Republican leaders insist, despite all the evidence to the contrary, that President Obama’s $800-billion-or-so stimulus package from last year hasn’t accomplished anything. (This is driving top White House economic adviser Jared Bernstein absolutely crazy.)
Progressive groups — and most leading economists — say the problem with the stimulus was that it didn’t do enough, because it wasn’t nearly as big as it should have been.
Lost amid those arguments is what exactly the American Recovery and Reinvestment Act did accomplish — which, by comparison to almost anything except the massive output gap it was supposed to fill, is a lot.
On Tuesday, the nonpartisan Congressional Budget Office estimated that the act added from 1.4 million to 3.3 million jobs during the second quarter of 2010.
In addition to $288 billion in tax cuts, the Recovery Act funded all sorts of worthy projects that created jobs, backstopped a number of safety-net programs, and made huge investments in infrastructure, energy independence, mass transit and other public goods.
Here are 11 projects that got stimulus money. Do you think they deserved your tax money?
The Defense Department is using $100 million in Recovery Act funds to construct two complexes for the Warrior Transition program, which helps ill and injured soldiers recover and return to duty or to their communities. One of the two stimulus-funded projects is in Fort Bliss, Texas. The $41-million project includes design and construction of a barracks, an administrative building, and a “Soldier and Family Assistance Center.”
The Recovery Act provided $2.4 billion for development of domestic industry to make lighter, more energy-dense lithium-ion batteries designed to power electric vehicles. A123 Systems, a battery-technology innovator that got its start at the Massachusetts Institute of Technology, received $249 million in stimulus grants to build battery factories in Livonia, Romulus and Brownstown, Mich. According to the New York Times, the company’s investment in southeast Michigan will total over $600 million, and more than 800 workers are expected to be employed at the two newest plants.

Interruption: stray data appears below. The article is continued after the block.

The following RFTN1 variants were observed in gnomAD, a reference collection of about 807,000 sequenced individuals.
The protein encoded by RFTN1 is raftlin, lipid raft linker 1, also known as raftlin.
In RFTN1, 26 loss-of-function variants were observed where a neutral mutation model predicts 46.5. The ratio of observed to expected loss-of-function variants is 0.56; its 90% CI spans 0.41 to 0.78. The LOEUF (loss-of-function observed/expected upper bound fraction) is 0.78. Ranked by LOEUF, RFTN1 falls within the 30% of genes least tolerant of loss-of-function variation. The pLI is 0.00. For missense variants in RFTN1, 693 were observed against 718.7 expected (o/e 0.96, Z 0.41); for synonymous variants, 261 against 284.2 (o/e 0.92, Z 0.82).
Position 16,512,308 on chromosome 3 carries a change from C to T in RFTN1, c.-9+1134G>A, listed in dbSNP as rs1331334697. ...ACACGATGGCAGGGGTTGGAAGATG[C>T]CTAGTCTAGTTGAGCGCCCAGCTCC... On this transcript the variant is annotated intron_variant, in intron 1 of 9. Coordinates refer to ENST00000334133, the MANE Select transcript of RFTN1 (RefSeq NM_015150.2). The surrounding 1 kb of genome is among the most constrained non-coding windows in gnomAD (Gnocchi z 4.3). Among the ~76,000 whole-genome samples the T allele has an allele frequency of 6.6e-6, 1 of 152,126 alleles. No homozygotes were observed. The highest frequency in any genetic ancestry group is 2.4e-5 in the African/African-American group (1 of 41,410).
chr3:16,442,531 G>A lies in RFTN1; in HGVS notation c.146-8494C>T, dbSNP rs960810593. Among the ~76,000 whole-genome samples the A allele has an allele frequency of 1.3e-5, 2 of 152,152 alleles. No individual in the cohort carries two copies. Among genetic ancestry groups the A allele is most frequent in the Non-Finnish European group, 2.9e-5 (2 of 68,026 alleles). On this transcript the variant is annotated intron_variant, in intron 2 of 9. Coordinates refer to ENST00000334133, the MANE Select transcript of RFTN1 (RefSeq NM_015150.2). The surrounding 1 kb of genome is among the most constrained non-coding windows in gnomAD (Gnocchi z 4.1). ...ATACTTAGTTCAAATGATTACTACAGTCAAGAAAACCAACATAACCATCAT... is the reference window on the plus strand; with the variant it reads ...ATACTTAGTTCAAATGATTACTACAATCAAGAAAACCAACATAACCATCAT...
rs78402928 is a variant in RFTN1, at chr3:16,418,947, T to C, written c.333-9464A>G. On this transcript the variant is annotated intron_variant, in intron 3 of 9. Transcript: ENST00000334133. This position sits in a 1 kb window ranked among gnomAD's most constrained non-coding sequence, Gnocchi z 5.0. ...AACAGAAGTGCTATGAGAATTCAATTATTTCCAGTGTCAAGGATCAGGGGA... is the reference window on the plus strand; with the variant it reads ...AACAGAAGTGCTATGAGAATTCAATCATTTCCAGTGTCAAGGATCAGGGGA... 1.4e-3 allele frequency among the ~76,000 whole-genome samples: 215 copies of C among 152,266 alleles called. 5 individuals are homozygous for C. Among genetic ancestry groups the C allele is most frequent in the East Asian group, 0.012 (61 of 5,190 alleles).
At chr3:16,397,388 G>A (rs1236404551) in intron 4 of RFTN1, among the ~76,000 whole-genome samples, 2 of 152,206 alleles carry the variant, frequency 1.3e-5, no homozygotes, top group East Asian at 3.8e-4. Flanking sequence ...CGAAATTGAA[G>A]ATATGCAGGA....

ECOtality in Phoenix, Arizona is helping bring the first public charging stations for electric cars to cities around the country. The company received a $114-million Recovery Act grant, which will help it deploy nearly 15,000 charging stations in 16 cities in six states (Oregon, Washington, California, Arizona, Tennessee and Texas) plus the District of Columbia. More than 8,000 qualifying drivers of the Nissan LEAF and the Chevrolet Volt will be provided with a residential charger for free. Xconomy.com has more.
Iberdrola Renewables Inc. received a $170-million tax credit for its Streator Cayuga Ridge wind park in Livingston County, Illinois. The company’s 150 turbines will generate 300 megawatts of clean, renewable energy — enough to power over 86,000 typical American homes. It created 300 jobs during its construction.
Wind farms are great – but what about when all those turbines are made in China? Some stimulus money is going to help states like Michigan establish a new energy economy. Energetx Composites, a Holland, Mich.-based composite manufacturer, received a $3.5-million “Clean Energy Advanced Manufacturing” grant funded by the Recovery Act. The company is using the grant to diversify its product line, developing and manufacturing wind-energy components. To meet its growing needs, the company has teamed up with Grand Rapids Community College — which received over $8.5 million in stimulus grants — to develop a new technician-training curriculum.
See the other six here…
- ‘Cash-and-trash’ makes a comeback (washingtonmonthly.com)
- Recovery Act creating a new energy economy (terrapass.com)
- Platts Energy Podium: U.S. DOE Spending $1 Billion Monthly on Stimulus (prnewswire.com)
- ECOtality Ranks #33 in the White House Report on 100 Recovery Act Projects Changing America (eon.businesswire.com)
- White House Report Recognizes ECOtality North America for Innovative Role in New Electric Vehicle Economy (eon.businesswire.com)